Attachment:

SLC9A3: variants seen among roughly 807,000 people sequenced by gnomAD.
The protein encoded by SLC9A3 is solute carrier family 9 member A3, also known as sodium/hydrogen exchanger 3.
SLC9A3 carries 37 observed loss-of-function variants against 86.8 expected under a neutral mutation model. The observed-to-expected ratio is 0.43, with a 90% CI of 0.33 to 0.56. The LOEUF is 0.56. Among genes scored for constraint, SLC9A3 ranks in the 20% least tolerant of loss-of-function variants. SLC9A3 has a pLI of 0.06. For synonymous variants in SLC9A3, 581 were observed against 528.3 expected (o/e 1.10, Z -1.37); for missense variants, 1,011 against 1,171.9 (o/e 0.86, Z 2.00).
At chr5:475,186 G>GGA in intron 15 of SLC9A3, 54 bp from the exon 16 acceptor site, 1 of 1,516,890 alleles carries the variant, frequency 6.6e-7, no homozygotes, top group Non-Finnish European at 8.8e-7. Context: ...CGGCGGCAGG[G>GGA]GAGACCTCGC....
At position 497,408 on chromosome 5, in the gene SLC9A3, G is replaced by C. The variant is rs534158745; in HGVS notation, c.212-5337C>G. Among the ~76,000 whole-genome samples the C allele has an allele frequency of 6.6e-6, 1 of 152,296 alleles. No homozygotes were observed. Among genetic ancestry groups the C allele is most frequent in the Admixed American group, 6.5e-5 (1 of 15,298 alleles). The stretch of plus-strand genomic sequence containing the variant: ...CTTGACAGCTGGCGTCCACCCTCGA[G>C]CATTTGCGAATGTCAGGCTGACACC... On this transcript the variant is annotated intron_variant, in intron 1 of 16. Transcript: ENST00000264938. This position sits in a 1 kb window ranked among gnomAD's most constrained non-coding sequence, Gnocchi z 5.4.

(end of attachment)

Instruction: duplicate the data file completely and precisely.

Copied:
SLC9A3: variants seen among roughly 807,000 people sequenced by gnomAD.
The protein encoded by SLC9A3 is solute carrier family 9 member A3, also known as sodium/hydrogen exchanger 3.
SLC9A3 carries 37 observed loss-of-function variants against 86.8 expected under a neutral mutation model. The observed-to-expected ratio is 0.43, with a 90% CI of 0.33 to 0.56. The LOEUF is 0.56. Among genes scored for constraint, SLC9A3 ranks in the 20% least tolerant of loss-of-function variants. SLC9A3 has a pLI of 0.06. For synonymous variants in SLC9A3, 581 were observed against 528.3 expected (o/e 1.10, Z -1.37); for missense variants, 1,011 against 1,171.9 (o/e 0.86, Z 2.00).
At chr5:475,186 G>GGA in intron 15 of SLC9A3, 54 bp from the exon 16 acceptor site, 1 of 1,516,890 alleles carries the variant, frequency 6.6e-7, no homozygotes, top group Non-Finnish European at 8.8e-7. Context: ...CGGCGGCAGG[G>GGA]GAGACCTCGC....
At position 497,408 on chromosome 5, in the gene SLC9A3, G is replaced by C. The variant is rs534158745; in HGVS notation, c.212-5337C>G. Among the ~76,000 whole-genome samples the C allele has an allele frequency of 6.6e-6, 1 of 152,296 alleles. No homozygotes were observed. Among genetic ancestry groups the C allele is most frequent in the Admixed American group, 6.5e-5 (1 of 15,298 alleles). The stretch of plus-strand genomic sequence containing the variant: ...CTTGACAGCTGGCGTCCACCCTCGA[G>C]CATTTGCGAATGTCAGGCTGACACC... On this transcript the variant is annotated intron_variant, in intron 1 of 16. Transcript: ENST00000264938. This position sits in a 1 kb window ranked among gnomAD's most constrained non-coding sequence, Gnocchi z 5.4.